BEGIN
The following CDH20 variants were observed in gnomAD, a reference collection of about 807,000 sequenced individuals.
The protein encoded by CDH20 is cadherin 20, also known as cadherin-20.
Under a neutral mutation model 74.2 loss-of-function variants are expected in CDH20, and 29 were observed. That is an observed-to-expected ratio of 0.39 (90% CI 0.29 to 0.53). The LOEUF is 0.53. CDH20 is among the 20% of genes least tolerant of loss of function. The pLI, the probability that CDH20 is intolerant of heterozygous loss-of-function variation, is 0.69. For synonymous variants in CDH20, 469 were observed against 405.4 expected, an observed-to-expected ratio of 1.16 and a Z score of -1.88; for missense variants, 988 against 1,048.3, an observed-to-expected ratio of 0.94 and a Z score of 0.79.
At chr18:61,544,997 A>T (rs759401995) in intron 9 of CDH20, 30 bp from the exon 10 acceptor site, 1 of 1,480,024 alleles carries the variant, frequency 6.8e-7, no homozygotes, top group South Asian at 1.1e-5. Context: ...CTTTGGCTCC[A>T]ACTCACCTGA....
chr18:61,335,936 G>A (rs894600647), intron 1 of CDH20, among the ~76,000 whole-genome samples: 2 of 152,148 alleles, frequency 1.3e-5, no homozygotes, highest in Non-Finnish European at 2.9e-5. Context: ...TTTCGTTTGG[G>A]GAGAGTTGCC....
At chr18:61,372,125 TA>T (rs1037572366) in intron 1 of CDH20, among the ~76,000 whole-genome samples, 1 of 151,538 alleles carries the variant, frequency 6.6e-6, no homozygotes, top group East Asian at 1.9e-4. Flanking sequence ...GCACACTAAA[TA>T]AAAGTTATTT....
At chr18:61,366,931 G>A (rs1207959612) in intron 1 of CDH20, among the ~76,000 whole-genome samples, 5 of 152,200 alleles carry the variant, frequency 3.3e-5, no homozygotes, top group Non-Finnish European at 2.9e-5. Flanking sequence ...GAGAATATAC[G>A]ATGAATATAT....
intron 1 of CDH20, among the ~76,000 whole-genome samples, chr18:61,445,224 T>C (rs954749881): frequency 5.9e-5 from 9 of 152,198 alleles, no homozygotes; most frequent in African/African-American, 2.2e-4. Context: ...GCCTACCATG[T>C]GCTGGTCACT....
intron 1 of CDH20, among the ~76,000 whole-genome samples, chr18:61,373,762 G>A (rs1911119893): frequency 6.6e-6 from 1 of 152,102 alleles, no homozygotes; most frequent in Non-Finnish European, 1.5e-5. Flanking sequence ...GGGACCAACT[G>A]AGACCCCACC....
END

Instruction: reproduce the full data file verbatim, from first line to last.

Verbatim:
The following CDH20 variants were observed in gnomAD, a reference collection of about 807,000 sequenced individuals.
The protein encoded by CDH20 is cadherin 20, also known as cadherin-20.
Under a neutral mutation model 74.2 loss-of-function variants are expected in CDH20, and 29 were observed. That is an observed-to-expected ratio of 0.39 (90% CI 0.29 to 0.53). The LOEUF is 0.53. CDH20 is among the 20% of genes least tolerant of loss of function. The pLI, the probability that CDH20 is intolerant of heterozygous loss-of-function variation, is 0.69. For synonymous variants in CDH20, 469 were observed against 405.4 expected, an observed-to-expected ratio of 1.16 and a Z score of -1.88; for missense variants, 988 against 1,048.3, an observed-to-expected ratio of 0.94 and a Z score of 0.79.
At chr18:61,544,997 A>T (rs759401995) in intron 9 of CDH20, 30 bp from the exon 10 acceptor site, 1 of 1,480,024 alleles carries the variant, frequency 6.8e-7, no homozygotes, top group South Asian at 1.1e-5. Context: ...CTTTGGCTCC[A>T]ACTCACCTGA....
chr18:61,335,936 G>A (rs894600647), intron 1 of CDH20, among the ~76,000 whole-genome samples: 2 of 152,148 alleles, frequency 1.3e-5, no homozygotes, highest in Non-Finnish European at 2.9e-5. Context: ...TTTCGTTTGG[G>A]GAGAGTTGCC....
At chr18:61,372,125 TA>T (rs1037572366) in intron 1 of CDH20, among the ~76,000 whole-genome samples, 1 of 151,538 alleles carries the variant, frequency 6.6e-6, no homozygotes, top group East Asian at 1.9e-4. Flanking sequence ...GCACACTAAA[TA>T]AAAGTTATTT....
At chr18:61,366,931 G>A (rs1207959612) in intron 1 of CDH20, among the ~76,000 whole-genome samples, 5 of 152,200 alleles carry the variant, frequency 3.3e-5, no homozygotes, top group Non-Finnish European at 2.9e-5. Flanking sequence ...GAGAATATAC[G>A]ATGAATATAT....
intron 1 of CDH20, among the ~76,000 whole-genome samples, chr18:61,445,224 T>C (rs954749881): frequency 5.9e-5 from 9 of 152,198 alleles, no homozygotes; most frequent in African/African-American, 2.2e-4. Context: ...GCCTACCATG[T>C]GCTGGTCACT....
intron 1 of CDH20, among the ~76,000 whole-genome samples, chr18:61,373,762 G>A (rs1911119893): frequency 6.6e-6 from 1 of 152,102 alleles, no homozygotes; most frequent in Non-Finnish European, 1.5e-5. Flanking sequence ...GGGACCAACT[G>A]AGACCCCACC....